In part 1 we met Alice and Zizi two women, between 30 and 40 years old, similar height and weight. Neither Alice nor Zizi has any health problems – they are both normal and healthy.
The question posed: Who is healthier, Alice – or Zizi. But with no other information – and no experts on healthiness (as opposed to experts on illness) – we cannot even guess who is healthier.
We need some more information. Let’s suppose, for example, that Zizi has a cold. And Alice does not have a cold. Does this mean Alice is healthier?
No. Alice is more ‘well’ than Zizi – wellness being the opposite of illness. But we still don’t know who is healthier. The fact that Zizi has a cold affects her ‘wellness’ in relation to Alice, but healthiness is broader, deeper and richer than ‘illness vs wellness’.
Zizi – has one to three colds, every couple of years.
Alice has three to five colds every year.
Alice is sick more often than Zizi and, on average, Zizi is more ‘well’ than Alice.
Does this mean Zizi is more healthy than Alice?
What is healthiness? Is healthiness closely related to illness? What if two people are not sick for many years – which one is healthier? How can we tell. We can easily know how tall Alice and Zizi are. We can measure their weight, and calculate their BMI to several significant digits. But how healthy are they?
We question Alice and Zizi further, and we learn that when Alice gets a cold, it typically lasts about 7 days (a week if she takes cold medicine). Zizi, on the other hand, reports that her colds seldom last longer than 3 days. The first day she is getting sick, the second day she has a cold – and begins recovery on day 3.
Who is healthier – Alice or Zizi?
If we look closer, we might find that Zizi is less sick on the worst day of her cold, day 2, than Alice is on the first day of her cold – and that on every day of Alice’s cold she is sicker than Zizi is on any day of her cold. Is Zizi healthier?
“Wait just a minute”, the skeptic intrudes. “Health is much more than just cold symptoms. We don’t know who might have a healthier heart, a healthier mind, a healthier spirit, a healthier diet… We have no idea who is healthiest if we only ask about colds!”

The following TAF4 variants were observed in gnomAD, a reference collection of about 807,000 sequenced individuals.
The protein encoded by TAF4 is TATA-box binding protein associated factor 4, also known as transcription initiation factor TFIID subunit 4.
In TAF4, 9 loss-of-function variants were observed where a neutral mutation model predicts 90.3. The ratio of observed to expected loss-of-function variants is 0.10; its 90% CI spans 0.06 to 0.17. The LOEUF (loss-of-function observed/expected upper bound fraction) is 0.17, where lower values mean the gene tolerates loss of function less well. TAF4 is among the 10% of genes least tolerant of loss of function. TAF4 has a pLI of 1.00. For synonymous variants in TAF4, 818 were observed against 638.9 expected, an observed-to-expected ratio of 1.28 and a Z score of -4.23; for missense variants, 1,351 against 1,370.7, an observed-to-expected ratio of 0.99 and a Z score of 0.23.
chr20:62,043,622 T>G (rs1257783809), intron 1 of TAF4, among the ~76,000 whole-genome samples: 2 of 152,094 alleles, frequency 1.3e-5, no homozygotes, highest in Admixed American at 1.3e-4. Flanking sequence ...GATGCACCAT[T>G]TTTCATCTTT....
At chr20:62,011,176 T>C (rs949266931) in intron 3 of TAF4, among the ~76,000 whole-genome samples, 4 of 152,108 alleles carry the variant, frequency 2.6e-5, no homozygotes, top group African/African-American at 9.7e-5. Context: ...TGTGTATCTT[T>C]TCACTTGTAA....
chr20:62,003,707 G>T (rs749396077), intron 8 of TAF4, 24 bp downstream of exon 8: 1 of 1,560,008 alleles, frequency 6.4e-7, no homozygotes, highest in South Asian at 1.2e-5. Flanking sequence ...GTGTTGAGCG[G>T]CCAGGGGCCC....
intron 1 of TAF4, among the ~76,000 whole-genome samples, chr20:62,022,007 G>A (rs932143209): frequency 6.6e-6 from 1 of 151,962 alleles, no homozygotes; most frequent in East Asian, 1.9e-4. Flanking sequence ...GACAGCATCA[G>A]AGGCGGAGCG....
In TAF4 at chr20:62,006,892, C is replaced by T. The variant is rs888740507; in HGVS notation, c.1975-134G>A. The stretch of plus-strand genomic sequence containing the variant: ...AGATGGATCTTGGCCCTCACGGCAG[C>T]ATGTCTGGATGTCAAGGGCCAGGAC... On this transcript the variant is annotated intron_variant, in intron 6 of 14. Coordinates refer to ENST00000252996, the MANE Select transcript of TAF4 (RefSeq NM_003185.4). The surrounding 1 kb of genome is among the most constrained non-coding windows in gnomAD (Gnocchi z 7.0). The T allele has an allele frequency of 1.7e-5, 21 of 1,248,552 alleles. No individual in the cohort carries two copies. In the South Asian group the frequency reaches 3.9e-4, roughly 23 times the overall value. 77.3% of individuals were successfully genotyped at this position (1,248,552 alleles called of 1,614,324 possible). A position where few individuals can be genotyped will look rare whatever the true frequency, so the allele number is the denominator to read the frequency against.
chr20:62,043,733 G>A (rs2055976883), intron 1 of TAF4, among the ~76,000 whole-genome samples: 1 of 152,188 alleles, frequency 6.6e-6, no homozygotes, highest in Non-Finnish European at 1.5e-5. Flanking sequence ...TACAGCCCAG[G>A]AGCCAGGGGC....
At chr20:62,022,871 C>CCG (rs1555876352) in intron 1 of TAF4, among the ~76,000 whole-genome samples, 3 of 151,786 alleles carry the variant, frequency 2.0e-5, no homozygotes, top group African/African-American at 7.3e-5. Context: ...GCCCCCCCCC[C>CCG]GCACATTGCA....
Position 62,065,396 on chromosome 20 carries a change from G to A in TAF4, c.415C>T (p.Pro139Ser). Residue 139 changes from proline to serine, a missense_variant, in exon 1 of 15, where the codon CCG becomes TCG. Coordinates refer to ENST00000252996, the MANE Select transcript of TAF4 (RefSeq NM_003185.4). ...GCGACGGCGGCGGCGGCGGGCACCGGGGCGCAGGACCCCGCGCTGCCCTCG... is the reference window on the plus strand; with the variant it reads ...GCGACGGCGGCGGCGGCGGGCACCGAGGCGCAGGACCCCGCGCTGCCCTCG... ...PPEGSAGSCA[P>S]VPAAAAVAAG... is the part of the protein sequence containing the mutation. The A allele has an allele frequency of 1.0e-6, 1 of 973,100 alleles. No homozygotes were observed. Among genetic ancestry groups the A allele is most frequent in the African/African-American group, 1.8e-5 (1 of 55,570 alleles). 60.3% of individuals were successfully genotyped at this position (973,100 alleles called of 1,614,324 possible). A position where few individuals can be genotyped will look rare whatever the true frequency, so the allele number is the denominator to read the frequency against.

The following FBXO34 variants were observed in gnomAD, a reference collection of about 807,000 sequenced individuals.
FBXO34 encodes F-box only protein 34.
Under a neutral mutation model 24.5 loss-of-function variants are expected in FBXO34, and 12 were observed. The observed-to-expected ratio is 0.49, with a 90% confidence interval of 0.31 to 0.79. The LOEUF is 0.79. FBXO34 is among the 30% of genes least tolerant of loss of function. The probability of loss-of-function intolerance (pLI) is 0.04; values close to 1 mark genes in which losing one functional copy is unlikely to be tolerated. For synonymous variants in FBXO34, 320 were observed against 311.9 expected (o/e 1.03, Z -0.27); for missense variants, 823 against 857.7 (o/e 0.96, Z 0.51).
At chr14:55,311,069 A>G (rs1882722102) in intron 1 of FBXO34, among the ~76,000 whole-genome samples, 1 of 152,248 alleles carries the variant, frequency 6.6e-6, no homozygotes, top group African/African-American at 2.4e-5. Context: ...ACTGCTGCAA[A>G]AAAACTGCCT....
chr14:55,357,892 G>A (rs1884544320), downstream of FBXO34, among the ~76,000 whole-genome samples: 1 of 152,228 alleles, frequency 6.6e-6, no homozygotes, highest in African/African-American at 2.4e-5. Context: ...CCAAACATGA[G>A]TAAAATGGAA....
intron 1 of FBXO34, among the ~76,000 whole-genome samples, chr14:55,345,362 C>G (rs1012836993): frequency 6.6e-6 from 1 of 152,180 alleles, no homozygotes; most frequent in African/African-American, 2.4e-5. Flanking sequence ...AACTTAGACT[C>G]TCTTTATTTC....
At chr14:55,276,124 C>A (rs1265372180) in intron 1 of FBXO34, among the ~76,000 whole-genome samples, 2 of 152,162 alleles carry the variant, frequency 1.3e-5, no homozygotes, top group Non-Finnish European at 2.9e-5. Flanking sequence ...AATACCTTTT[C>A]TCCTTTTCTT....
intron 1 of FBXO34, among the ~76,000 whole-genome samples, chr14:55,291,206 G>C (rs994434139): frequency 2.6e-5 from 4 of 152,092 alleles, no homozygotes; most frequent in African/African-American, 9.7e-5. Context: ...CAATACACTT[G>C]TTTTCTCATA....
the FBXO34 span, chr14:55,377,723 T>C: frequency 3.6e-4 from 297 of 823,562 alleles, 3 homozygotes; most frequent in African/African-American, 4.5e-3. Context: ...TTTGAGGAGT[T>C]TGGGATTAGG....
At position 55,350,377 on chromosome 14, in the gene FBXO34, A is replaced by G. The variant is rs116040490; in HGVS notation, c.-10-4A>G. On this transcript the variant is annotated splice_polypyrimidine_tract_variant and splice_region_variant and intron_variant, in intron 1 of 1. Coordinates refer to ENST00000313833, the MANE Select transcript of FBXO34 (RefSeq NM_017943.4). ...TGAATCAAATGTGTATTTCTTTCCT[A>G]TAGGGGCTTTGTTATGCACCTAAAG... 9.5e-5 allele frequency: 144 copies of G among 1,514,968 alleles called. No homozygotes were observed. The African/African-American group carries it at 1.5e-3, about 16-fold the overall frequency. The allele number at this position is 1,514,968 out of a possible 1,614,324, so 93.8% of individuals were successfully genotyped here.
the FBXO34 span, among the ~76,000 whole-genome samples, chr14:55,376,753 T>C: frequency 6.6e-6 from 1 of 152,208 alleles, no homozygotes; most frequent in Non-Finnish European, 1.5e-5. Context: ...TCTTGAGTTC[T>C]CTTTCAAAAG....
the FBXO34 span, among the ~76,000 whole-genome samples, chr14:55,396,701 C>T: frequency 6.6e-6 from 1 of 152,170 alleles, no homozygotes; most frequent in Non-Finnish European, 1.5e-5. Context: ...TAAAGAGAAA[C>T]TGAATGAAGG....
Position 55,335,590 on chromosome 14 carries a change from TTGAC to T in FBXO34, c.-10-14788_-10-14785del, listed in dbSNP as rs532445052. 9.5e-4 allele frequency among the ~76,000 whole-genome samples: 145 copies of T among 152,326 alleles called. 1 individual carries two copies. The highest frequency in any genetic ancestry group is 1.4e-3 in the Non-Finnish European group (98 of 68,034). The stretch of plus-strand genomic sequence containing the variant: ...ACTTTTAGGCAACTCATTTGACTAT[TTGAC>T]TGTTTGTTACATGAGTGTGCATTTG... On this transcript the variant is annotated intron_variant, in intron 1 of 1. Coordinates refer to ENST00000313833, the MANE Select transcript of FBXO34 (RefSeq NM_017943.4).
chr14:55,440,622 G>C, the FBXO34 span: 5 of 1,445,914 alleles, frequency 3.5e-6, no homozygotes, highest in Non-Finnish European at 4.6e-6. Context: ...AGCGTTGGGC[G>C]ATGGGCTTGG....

“Maybe it’s just“, the skeptic continues “that Alice’s immune system is not as healthy as Zizi’s immune system. So Alice gets more colds. But she could be healthier in many other ways.”
Maybe that’s it?
Maybe Alice’s immune system is simply weaker than Zizi’s immune system. Maybe Alice works in a school, with many young children – and lots of cold viruses floating around – while Zizi works in a factory and doesn’t have much contact with other people to catch colds.
Who is healthier?
We are confused about health. There seem to be more questions than answers. Each answer seems to raise new questions. We are getting more and more confused.
It reminds me of a quote that a co-worker kept over her desk:
“We have not succeeded in answering all our problems. The answers we have found only serve to raise a whole set of new questions. In some ways we feel we are as confused as ever, but we believe we are confused on a higher level and about more important things.”
This should be the goal of a science of healthicine. To learn more answers, answers that help us to be as confused – but at a higher level, and about more important things. Our current confusion about health is not an advance of knowledge, we are more often jumping from one ‘factoid’ to another with no structure and no agreement.
Red wine is good. Alcohol is bad. What is healthy?
But today, our confusion about health seems to be very erratic. We are not asking questions, and finding answers that raise our confusion to a higher level. We are jumping from one answer to another. From one confusion to another.
What do you think? Is Zizi’s immune system healthier that Alice’s immune system? Is a stronger immune system a healthier immune system?
Is the person with a healthier immune system the person who is most healthy? What factors of healthiness are most important? Which are the least important?
Stay tuned for a surprise in Part 3.
to your health, tracy